Contributing to the problem, “pet stores tell people that they’re low maintenance pets,” says Wilsbach, who led the society in a successful 2007 campaign that stopped PetSmart from selling rabbits. “They tell people they won’t grow.”
For a few weeks, the family has a small furry family friend. When the baby bunny matures, however, it’s not so cute.
The Make Mine Chocolate campaign is raffling this painting, Across the Universe, by artist Joseph Larkin. To purchase tickets of the 8"x18" acrylic on canvas, log onto http://makeminechocolate.org.
Unneutered or unspayed, “rabbits have a very strong sex drive and high hormone levels. Males spray urine or become aggressive, lunging and biting. Female rabbits have estrogen levels that rapidly fluctuate; they go from super-affectionate to really PMS-y. People find it annoying.”
“They get the rabbit in Easter and usually surrender the rabbit when it hits puberty in the summer,” says Wilsbach.
By then, the rabbits have had time to raise teen-pregnancy statistics.
Assured that their Easter bunnies are the same sex, unwary owners often find the truth only when they see the babies, Wilsbach reports. By that time, it’s double trouble, “because rabbits can get pregnant right after giving birth.”
If you hop over that hurdle, you’ll have a pet likely to live eight to 10 years. With specific environmental needs, precise dietary requirements and the necessity of specialized veterinary care, Peter Cottontail is an expensive roommate.
“Think of the long term,” Wilsbach advises potential adopters. “Be willing to make the commitment now and when you move, when you change jobs.”
In the months following Easter, shelters are flooded with abandoned bunnies according to the House Rabbit Society. In the Baltimore-Washington metro area, the SPCA of Anne Arundel County sends them the most surrendered rabbits.
In 2002, the Society began Make Mine Chocolate, a campaign urging people to buy chocolate or stuffed bunnies for Easter, instead of the real thing. “With a stuffed rabbit, there’s a lot less tragedy,” says Wilsbach. “With a chocolate rabbit, the commitment is about 10 minutes.”
For more information on alternative Easter Bunnies: http://makeminechocolate.org/.
To learn more about rabbit adoption: www.rabbit.org; www.bunnymagic.org/.
The Great Protector
In late 2003, I suffered from a life-threatening illness and was mostly bedridden for nearly seven months. While Ferd preferred to stay outside, he decided to move indoors during the winter of my sickness. During the day, he would go outside some, but at night he slept with me, generally wrapping himself around the top of my head or lying beside me or at my feet. He was never far, and he would sometimes lick me or nibble at my hair.
The most remarkable care he gave me was talking to me. We’d begun conversing occasionally not long after he came to live with us. It’s difficult to describe the sound; it was like a cross between a purring and gentle teeth-chattering. It was sweet and comforting. I would chatter back, and our talks could last as long as half an hour. I felt encouragement, love and true concern. He would touch me with his nose, pat me with a foot. Once I was back on my feet, and he was convinced I was okay, he resumed his normal routine.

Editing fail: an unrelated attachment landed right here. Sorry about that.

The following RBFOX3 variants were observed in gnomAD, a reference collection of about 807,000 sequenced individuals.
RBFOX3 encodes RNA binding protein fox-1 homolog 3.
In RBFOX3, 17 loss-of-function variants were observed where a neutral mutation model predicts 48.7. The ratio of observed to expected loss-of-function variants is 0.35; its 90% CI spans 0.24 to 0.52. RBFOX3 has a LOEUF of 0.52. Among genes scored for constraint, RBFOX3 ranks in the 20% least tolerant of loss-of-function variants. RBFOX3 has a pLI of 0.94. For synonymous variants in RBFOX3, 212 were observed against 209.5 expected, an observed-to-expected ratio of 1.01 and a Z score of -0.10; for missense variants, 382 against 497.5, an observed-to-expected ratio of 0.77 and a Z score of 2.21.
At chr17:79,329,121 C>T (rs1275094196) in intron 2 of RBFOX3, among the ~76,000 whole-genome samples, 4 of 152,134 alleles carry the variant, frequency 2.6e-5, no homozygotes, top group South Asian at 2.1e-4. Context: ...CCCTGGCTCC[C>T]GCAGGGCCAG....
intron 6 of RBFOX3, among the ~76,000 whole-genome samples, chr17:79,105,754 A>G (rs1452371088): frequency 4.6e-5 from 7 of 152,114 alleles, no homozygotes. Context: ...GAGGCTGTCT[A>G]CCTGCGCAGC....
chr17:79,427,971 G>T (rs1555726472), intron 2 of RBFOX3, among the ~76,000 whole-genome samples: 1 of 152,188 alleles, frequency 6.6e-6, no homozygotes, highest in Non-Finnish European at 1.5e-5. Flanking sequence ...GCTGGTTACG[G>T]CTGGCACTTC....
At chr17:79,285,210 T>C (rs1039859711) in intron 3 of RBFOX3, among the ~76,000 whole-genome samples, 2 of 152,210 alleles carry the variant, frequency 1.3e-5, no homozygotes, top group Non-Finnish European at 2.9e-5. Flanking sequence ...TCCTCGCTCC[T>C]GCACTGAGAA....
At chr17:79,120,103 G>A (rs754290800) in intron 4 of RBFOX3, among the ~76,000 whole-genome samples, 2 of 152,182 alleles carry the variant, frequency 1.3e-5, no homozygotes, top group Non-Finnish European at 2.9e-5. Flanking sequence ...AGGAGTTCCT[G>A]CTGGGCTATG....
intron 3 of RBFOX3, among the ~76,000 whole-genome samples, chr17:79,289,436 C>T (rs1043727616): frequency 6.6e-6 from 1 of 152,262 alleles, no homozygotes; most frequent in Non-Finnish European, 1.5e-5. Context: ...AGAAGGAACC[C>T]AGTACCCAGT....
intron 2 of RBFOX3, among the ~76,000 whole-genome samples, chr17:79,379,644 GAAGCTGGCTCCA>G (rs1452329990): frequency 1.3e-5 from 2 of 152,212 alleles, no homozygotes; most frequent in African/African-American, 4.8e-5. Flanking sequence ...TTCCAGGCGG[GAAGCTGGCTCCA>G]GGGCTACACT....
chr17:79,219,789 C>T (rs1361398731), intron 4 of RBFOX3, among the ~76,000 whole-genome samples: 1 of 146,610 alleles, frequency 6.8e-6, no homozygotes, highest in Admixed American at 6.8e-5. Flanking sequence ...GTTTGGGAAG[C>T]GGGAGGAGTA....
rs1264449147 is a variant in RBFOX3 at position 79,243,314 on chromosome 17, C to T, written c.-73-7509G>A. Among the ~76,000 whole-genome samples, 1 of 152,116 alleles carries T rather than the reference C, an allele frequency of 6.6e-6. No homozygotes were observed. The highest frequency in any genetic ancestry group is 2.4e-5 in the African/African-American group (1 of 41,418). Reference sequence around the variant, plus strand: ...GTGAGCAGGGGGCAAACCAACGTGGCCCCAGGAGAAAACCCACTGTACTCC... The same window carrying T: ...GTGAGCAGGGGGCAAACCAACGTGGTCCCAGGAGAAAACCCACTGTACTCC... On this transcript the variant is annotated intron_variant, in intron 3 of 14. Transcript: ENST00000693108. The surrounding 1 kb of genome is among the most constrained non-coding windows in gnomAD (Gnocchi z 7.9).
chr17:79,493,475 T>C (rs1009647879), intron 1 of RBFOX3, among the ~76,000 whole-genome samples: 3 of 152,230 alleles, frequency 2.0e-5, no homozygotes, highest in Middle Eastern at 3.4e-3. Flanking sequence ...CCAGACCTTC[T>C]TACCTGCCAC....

Of Loss and Memory
Our beloved Ferd died last winter after an illness of about two weeks. He was eight, old for a breed whose lifespan is six or seven. His eyesight was beginning to fail, and he was slowing down. We knew he was living on borrowed time and suspected he might not make it through the winter. When he fell ill from bowel congestion, we brought him inside, and I gave him fresh-squeezed pineapple juice as prescribed by our vet. But his systems were worn out.
Ferd’s last days were peaceful. He wanted me to hold him through the final hours, and I did. It was bittersweet duty. His death dealt a blow deeper than my husband or I imagined. He was the best pet either of us had ever had: a presence of love, fun and intelligence much greater than his stature. He taught us a great deal about life and compelled us to think, to look at the world around us in new ways that were and are deeply enriching. He is buried in a woods near a deer path, a place he would have approved.
Author’s note: There is more to the circumstances of Ferd’s birth and death than I can tell here, and these surprises form the ending of his true story. They were the perfect punctuation to our exploration of each other and the world we jointly inhabit. Ferd inspired me to write his book to inquire more deeply into the human-animal connection, to remind us not to underestimate animal intelligence and to reawaken awareness of meaning beyond the self.
The Book of Ferd was published in May by Lulu Inc. Order it at www.lulu.com, through Amazon and other online sellers, or special-ordered through most bookstores. ISBN: 978-1-4303-2230-6.
Alice Snively is Bay Weekly’s gunkholing columnist.